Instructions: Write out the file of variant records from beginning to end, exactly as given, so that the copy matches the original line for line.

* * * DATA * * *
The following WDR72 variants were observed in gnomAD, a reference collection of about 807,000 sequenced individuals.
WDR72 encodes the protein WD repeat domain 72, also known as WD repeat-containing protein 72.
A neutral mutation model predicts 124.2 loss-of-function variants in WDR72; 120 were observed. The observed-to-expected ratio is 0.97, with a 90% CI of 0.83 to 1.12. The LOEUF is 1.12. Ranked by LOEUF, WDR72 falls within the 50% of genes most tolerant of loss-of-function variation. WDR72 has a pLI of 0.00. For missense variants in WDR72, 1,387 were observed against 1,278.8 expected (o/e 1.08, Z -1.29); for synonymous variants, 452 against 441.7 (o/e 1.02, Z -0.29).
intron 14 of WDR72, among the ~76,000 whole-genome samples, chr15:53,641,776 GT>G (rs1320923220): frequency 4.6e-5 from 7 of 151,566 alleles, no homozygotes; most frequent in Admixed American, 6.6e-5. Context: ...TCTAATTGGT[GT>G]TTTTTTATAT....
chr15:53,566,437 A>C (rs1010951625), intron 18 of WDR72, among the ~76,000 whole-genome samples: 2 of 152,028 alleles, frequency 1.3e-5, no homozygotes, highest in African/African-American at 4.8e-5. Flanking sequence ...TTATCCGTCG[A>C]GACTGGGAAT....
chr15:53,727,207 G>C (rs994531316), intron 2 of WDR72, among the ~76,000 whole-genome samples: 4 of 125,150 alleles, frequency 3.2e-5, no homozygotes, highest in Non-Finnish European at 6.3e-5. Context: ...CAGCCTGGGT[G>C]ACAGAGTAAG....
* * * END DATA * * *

The following WDR72 variants were observed in gnomAD, a reference collection of about 807,000 sequenced individuals.
WDR72 encodes the protein WD repeat domain 72, also known as WD repeat-containing protein 72.
A neutral mutation model predicts 124.2 loss-of-function variants in WDR72; 120 were observed. The observed-to-expected ratio is 0.97, with a 90% CI of 0.83 to 1.12. The LOEUF is 1.12. Ranked by LOEUF, WDR72 falls within the 50% of genes most tolerant of loss-of-function variation. WDR72 has a pLI of 0.00. For missense variants in WDR72, 1,387 were observed against 1,278.8 expected (o/e 1.08, Z -1.29); for synonymous variants, 452 against 441.7 (o/e 1.02, Z -0.29).
intron 14 of WDR72, among the ~76,000 whole-genome samples, chr15:53,641,776 GT>G (rs1320923220): frequency 4.6e-5 from 7 of 151,566 alleles, no homozygotes; most frequent in Admixed American, 6.6e-5. Context: ...TCTAATTGGT[GT>G]TTTTTTATAT....
chr15:53,566,437 A>C (rs1010951625), intron 18 of WDR72, among the ~76,000 whole-genome samples: 2 of 152,028 alleles, frequency 1.3e-5, no homozygotes, highest in African/African-American at 4.8e-5. Flanking sequence ...TTATCCGTCG[A>C]GACTGGGAAT....
chr15:53,727,207 G>C (rs994531316), intron 2 of WDR72, among the ~76,000 whole-genome samples: 4 of 125,150 alleles, frequency 3.2e-5, no homozygotes, highest in Non-Finnish European at 6.3e-5. Context: ...CAGCCTGGGT[G>C]ACAGAGTAAG....